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River Science
Investigations of condition and response help protect river health.
River Management
Projects and funding are critical for managing rivers.
River Protection
Science-based regulation is essential for river protection work.
Contact information
For information on rivers, contact:
Lisa Helmuth
Water Quality Bureau

Managing Wisconsin’s rivers

Under state and federal law, DNR conducts water planning and master planning for natural areas and forests, implements regulations, and secures special designations to protect, maintain or restore river resources. Designation of Wild Rivers, State Riverways, and National Scenic Riverways are special protections extended to resources that provide unsurpassed beauty, ecological value, historical and biological diversity, and cultural and scientific enrichment. The St. Croix National Scenic Riverway [exit DNR] and the Lower Wisconsin State Riverway [exit DNR] (see also...) are examples of special waters where extra protections are in place to ensure the ecological integrity of riverine ecosystems. Regulations pertaining to acquisition and protection of resources are found in rules pertaining to the Knowles Stewardship Program. In addition, the highest quality streams and lakes of the state are identified as outstanding and exceptional resources. Conversely, those waters that do not meet minimum condition standards are identified on a list of impaired waters.

WI Ecological Landscapes

Ecological landcapes

The Department uses multi–disciplinary management for its riverine ecosystems. Research has identified unique landscapes defined by the land, water, abiotic elements, and biotic communities that inhabit these areas. Field teams integrate management opportunities based on ecological landscapes, which help define restoration opportunities based on the factors that inform and define these physical, biological, and ecological areas. [...Read More].

Wild rivers

Wild Rivers are established to protect natural streams, to attract out–of–state visitors, to assure the well–being of our tourist industry, and to preserve some rivers in a free flowing condition and protect them from development. The following rivers, or portions of rivers, are currently designated as Wild Rivers: Pike River – Marinette County; Pine–Popple Rivers – Florence and Forest Counties; Martin Hanson Wild River – a portion of the Brunsweiler River in Ashland County; Totagatic River – Bayfield, Burnett, Sawyer, and Washburn Counties [Learn More].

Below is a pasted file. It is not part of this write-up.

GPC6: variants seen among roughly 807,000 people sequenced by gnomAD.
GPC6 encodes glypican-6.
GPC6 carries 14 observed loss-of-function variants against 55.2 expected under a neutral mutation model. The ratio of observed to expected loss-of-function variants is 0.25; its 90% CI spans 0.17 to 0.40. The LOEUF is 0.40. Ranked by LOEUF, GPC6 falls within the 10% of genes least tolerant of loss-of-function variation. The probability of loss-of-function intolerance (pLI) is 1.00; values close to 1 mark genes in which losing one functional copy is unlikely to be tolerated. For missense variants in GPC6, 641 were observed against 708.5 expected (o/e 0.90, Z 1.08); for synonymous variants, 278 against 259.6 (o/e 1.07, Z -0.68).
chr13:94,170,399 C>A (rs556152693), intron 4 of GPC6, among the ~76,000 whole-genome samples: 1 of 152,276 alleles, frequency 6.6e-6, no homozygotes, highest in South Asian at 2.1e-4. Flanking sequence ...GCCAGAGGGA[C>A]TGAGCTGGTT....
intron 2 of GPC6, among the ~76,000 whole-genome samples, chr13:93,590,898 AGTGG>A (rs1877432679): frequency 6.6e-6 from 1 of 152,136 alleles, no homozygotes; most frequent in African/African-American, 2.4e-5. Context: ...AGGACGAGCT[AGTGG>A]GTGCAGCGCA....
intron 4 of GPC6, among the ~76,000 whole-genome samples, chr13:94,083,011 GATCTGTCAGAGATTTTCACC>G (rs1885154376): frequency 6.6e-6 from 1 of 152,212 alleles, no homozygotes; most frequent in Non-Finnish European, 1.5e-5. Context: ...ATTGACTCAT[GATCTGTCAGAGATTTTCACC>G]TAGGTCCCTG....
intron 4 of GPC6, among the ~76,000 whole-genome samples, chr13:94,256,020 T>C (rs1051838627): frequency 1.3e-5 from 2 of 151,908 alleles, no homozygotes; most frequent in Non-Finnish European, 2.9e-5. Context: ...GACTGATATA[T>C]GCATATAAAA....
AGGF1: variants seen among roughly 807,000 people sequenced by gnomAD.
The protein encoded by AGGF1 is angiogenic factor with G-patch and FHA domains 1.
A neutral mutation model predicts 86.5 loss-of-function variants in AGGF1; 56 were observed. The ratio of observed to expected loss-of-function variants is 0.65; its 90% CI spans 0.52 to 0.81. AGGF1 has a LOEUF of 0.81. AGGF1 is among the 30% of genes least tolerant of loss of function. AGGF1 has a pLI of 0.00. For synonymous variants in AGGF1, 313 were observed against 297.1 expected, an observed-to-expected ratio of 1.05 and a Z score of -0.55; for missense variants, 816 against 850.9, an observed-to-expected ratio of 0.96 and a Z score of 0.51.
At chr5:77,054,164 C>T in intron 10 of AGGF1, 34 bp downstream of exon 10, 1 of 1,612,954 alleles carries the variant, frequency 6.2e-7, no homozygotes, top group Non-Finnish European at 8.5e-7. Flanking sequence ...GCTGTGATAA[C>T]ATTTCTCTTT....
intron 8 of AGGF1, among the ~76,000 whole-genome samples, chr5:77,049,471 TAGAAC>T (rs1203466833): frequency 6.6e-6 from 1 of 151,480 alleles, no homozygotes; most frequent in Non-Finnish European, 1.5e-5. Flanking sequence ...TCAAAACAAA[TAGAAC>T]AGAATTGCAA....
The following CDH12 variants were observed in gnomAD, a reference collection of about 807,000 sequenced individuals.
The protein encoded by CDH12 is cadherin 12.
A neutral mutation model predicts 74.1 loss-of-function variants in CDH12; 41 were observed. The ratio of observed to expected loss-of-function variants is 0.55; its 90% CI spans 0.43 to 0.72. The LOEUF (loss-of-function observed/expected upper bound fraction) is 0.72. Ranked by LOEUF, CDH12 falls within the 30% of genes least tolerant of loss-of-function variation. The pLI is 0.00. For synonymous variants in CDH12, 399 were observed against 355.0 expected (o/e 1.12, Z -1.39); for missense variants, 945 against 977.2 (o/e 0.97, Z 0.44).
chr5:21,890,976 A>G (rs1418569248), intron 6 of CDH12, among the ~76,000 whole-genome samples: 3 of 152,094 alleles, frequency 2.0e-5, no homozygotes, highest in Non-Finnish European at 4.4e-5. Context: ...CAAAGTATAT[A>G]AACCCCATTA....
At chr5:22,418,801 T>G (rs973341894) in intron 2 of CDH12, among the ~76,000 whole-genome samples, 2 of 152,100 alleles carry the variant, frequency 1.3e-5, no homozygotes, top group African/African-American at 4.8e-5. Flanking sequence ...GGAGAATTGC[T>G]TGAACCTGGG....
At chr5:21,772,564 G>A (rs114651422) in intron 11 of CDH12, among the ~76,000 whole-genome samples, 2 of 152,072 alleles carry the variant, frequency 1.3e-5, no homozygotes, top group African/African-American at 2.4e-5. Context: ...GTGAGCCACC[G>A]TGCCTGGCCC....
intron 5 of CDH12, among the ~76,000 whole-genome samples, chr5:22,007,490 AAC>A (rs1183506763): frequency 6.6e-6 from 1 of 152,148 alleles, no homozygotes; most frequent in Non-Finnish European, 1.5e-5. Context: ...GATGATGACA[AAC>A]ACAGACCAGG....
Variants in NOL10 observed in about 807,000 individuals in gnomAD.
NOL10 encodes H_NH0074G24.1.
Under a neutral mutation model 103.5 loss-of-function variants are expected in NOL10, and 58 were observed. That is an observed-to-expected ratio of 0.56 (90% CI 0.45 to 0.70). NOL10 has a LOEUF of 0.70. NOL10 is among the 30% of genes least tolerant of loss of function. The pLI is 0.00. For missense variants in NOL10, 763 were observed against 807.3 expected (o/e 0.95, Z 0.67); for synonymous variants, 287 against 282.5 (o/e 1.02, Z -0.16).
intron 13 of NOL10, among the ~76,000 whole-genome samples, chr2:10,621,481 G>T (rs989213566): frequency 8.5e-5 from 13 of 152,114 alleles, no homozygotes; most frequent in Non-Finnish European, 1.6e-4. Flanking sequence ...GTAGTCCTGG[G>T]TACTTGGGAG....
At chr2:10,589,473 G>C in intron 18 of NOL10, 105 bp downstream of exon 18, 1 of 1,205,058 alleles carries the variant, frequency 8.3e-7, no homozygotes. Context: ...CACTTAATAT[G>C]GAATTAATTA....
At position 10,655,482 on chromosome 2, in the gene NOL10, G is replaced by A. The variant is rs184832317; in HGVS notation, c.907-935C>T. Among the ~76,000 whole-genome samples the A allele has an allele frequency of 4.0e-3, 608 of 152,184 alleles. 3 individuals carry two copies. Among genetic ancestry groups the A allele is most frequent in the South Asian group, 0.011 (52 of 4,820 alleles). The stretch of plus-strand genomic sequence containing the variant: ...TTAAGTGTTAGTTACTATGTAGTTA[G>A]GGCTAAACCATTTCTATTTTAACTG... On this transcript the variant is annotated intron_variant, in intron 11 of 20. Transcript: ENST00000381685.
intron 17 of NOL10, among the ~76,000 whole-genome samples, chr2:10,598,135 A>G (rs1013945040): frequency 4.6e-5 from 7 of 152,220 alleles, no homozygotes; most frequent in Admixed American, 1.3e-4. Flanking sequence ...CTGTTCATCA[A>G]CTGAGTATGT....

Big river management

Water programs have focused on large rivers for many years. Early wasteload allocation work conducted in the 1970s on the Wisconsin River, where severely depressed dissolved oxygen levels from excessive biological oxygen demand resulted in the state’s initial mass balance evaluations to reduce pollutant discharges based on the water’s ability to assimilate the pollutant. Subsequent examples include the large–scale mass balance analyses and ecosystem restoration planning to resolve severe contamination in the state’s five ’Areas of Concern’ (AOCs). The most recent example of integrated analyses include the creation of total maximum daily load analyses and large–scale restoration planning for large river basins including: the Central Wisconsin, the St. Croix River Basin, the Fox/Wolf Basin, the Milwaukee River Basin and the Rock River Basin. Perhaps the most obvious and high–profile example of the state’s Big River Management is the work conducted on the Mississippi River.

River grants

The purpose of the River Protection Grant Program is to assist local organizations and local units of government in protecting or improving rivers and natural river ecosystems. Cost sharing grant assistance is available for activities that will help to provide information on riverine ecosystems, improve river system assessment and planning, increase local understanding of the causes of river problems, and assist in implementing management activities that protect or restore river ecosystems.

Impaired waters list & TMDLs

Every two years, Wisconsin submits a list of waters considered impaired to EPA for review and approval. This list identifies which waters are considered impaired, why they are impaired, and which pollutants to address through management actions. In most cases, the pollutant is known and can be quantified through monitoring and modeling efforts. These activities are conducted when a total maximum daily load (TMDL) analysis is created. TMDL analyses are developed to quantify pollutant loads and to identify pollutant load reduction goals based on the capacity of the water to process or assimilate those loads. TMDLs are management plans that go through public hearings which influence how point and nonpoint source activities are managed in the watershed.

Environmental accountability projects

Alternatives for restoring impaired waters include Environmental Accountability Projects (EAPs), which are projects where ongoing management actions are anticipated to fully restore water quality standards. This management alternative is underway in a number of watersheds and waters.

Restored waters

Once waters have gone through the suite of management actions available to resource specialists at the federal, state, county, or other local government or restoratation group (or all of these), restored waters are removed from the impaired waters list. Special stories of restoration may be described on our "Featured Restorations" webpages.

Last revised: Tuesday May 02 2017